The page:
Former U.S. Rep. John Adler liked to watch silly movies, play catch, and attend his sons' sporting events. But the thing he enjoyed the most was family dinners, his sons Andrew and Oliver said at his funeral Wednesday.
About 1,400 people, including his wife, Shelley, and other two sons, Jeffrey and Alex, packed Temple Emanuel in Cherry Hill. The synagogue filled to capacity a half-hour before the service began, so the staff opened another room where mourners could watch the service on closed-circuit television.
Beyond the state's prominent politicians, including Gov. Christie and current and former legislators, Adler's four sons' teachers and friends, including Andrew's soccer and lacrosse teams from Cherry Hill High School East, attended the ceremony.
Burial was private at an undisclosed cemetery earlier in the day, according to Cherry Hill Mayor Bernie Platt, whose Platt Memorial Chapels handled the funeral.
Christie ordered all state buildings to fly flags at half-staff Friday in Adler's honor. Adler died Monday at 51 from complications related to a staph endocarditis infection.
Speaking as if to her late husband, Shelley Adler said, "It was a sudden illness that traveled viciously to your heart that took you from us. It was also your heart and my heart that worked so well together which caused us to create your greatest legacy: the most loyal, loving and joyful family that either of us could imagine."
Known for his sharp wit, generosity of spirit, and erudite command of public policy, Adler was a standout in the state Senate, where he served from 1992 to 2008.
When Republicans held the Senate, and when it was split between the major parties, he reached across the aisle to cosponsor a state ban on indoor smoking. He helped pass a bill in 2004 that put tough emissions limits on cars sold in New Jersey, and he was a strong supporter of open-space conservation in the nation's most densely populated state.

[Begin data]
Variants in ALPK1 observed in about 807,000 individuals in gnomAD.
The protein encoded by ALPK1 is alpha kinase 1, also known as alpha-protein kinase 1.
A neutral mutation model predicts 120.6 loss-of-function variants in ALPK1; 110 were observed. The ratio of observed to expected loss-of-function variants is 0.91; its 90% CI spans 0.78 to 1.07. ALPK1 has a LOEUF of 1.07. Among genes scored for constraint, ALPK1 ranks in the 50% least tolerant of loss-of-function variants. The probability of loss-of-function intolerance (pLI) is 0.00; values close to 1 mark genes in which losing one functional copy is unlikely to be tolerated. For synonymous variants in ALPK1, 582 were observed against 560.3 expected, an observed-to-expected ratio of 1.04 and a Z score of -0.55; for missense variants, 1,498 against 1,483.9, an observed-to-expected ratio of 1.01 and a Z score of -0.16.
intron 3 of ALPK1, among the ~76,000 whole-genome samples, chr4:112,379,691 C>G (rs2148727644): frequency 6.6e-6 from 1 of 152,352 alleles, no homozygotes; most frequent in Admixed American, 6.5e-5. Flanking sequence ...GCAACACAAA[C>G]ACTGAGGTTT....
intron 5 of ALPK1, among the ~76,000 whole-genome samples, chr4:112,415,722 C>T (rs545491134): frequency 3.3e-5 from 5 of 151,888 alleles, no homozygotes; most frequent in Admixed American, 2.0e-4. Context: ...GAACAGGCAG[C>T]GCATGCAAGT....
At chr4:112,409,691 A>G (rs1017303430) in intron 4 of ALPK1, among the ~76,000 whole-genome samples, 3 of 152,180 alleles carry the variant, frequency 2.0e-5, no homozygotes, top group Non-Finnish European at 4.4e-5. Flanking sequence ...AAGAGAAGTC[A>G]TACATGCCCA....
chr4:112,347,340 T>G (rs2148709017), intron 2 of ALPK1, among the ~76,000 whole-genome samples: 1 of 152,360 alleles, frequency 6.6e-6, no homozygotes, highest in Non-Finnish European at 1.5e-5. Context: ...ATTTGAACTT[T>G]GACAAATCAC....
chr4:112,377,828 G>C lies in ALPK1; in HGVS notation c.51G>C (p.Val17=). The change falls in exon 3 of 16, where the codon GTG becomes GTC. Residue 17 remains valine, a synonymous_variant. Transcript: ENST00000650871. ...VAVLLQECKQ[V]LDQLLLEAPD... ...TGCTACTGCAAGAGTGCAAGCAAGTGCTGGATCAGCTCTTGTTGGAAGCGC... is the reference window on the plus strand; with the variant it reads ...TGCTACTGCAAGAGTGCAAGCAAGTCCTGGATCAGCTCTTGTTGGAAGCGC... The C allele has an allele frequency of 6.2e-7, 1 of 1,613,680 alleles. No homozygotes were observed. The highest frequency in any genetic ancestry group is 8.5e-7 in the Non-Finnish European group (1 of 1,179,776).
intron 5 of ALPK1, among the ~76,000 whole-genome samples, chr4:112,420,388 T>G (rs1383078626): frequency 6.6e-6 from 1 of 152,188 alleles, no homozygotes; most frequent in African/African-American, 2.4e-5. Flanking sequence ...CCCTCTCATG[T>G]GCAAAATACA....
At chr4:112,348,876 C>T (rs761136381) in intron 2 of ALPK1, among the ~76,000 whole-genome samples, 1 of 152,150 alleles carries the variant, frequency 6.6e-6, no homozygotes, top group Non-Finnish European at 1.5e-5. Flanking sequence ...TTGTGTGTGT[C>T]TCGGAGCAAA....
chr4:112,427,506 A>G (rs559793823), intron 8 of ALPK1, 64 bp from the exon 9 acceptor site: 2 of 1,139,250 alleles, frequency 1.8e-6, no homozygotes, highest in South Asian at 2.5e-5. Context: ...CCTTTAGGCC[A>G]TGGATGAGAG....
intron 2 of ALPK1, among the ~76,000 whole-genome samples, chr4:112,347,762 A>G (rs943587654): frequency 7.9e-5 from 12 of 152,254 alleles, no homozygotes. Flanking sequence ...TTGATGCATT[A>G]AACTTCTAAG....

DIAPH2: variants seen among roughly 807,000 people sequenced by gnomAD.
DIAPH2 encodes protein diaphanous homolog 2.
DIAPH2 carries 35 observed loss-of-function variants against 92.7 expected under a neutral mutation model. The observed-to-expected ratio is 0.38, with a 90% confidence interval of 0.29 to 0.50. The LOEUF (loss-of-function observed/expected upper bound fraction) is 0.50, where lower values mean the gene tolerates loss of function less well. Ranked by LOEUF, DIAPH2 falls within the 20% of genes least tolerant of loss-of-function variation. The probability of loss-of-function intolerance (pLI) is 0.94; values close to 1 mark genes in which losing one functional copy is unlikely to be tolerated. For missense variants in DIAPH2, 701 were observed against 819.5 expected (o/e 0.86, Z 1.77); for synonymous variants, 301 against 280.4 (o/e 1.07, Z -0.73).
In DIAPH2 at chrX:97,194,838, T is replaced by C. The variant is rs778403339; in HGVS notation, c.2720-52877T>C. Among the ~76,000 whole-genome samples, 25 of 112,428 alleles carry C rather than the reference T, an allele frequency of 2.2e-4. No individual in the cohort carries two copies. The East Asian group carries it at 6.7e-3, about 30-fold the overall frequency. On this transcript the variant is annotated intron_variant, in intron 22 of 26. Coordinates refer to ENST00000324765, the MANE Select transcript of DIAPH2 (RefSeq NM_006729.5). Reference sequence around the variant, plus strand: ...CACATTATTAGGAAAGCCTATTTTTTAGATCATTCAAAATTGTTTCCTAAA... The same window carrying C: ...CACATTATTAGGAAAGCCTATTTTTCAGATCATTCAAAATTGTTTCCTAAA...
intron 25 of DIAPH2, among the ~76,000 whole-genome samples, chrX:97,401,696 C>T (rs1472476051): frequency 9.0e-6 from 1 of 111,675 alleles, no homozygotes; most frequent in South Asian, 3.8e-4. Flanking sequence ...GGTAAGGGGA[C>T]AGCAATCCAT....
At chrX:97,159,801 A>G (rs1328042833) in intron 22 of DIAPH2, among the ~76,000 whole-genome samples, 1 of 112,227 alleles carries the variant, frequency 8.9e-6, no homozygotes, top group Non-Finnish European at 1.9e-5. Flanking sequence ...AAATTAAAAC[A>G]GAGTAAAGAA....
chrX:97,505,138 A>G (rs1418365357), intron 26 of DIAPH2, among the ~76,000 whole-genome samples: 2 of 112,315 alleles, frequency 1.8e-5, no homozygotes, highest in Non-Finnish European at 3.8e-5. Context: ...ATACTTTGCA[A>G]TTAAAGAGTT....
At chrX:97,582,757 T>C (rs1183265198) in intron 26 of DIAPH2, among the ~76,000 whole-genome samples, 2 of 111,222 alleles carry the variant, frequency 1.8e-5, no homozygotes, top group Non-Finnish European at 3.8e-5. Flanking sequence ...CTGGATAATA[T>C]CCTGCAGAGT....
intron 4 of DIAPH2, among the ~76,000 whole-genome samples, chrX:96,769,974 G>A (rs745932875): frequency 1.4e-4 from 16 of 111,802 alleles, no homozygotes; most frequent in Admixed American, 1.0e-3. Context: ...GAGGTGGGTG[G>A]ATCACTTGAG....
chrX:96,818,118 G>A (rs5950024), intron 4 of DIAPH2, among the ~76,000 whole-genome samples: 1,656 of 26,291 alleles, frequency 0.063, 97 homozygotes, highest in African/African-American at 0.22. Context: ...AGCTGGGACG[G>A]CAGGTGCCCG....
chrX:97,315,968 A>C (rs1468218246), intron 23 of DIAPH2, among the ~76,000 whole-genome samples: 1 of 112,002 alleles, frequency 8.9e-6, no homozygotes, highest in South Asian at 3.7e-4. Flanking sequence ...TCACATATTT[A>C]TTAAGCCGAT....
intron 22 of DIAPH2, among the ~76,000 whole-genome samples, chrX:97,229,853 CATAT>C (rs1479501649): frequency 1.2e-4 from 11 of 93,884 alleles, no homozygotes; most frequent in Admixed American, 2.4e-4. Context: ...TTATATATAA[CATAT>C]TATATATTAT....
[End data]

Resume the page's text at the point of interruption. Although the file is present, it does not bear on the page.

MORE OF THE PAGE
During his one term in Congress, from 2008 to 2010, Adler developed an expertise in veterans affairs in order to serve the Third District's large military population. Among those in the crowd, which reflected almost every race, age, and ethnic group, were several wearing military garb.
Adler also served on the Financial Services Committee, where he worked on regulating the financial industry after the collapse of the mortgage market.
His brother-in-law, Steven Levitan, a cocreator of the TV comedy Modern Family, raised the service's somber mood as he began his eulogy saying, "First of all, I want to apologize to the synagogue because I accidentally blew my nose in a yarmulke."
He recalled a time in the 1990s when Adler was accepted as a contestant on Jeopardy! As he waited in the green room, Adler was asked whether he knew anyone who worked for ABC. Adler responded that he went to Harvard Law School with a lawyer who worked for the network, but they hadn't spoken for 20 years. He was disqualified.
Levitan asked Adler why he would tell the network. Adler replied, "I didn't want to lie."
Levitan said, "This is L.A. It's what we do."
When Levitan finished, Rabbi Jerome David of Temple Emanuel, where Adler was a member, joked: "Steve, after that tribute you can forget about the yarmulke. It's OK."
Before being elected to the state Senate, Adler served on the Township Council in Cherry Hill.
He battled the odds throughout his political career. Adler was the only Democrat to beat a sitting Republican for the state Senate in 1991. And in 2008, he became the first Democrat in decades to win the congressional district, which cuts through much of Burlington and Ocean Counties and includes Cherry Hill in Camden County. He was swept out of office in November by a Republican wave that carried in Rep. Jon Runyan, a former Eagles player.
Adler was born in Northeast Philadelphia and spent his youth in Haddonfield, where his father operated a dry-cleaning store at Kings Court in the heart of town. His father, also John, died at 47 of a heart attack. Adler, an only child, was 16 at the time. He and his mother got by on Social Security.
Adler earned high grades, played soccer, starred in a school play in his senior year at Haddonfield Memorial High School, and went to Harvard College on a scholarship, supplemented by student loans and part-time jobs.
"What he accomplished, he did it on his own," said David. "He died knowing he used his intellect and skills to really help people."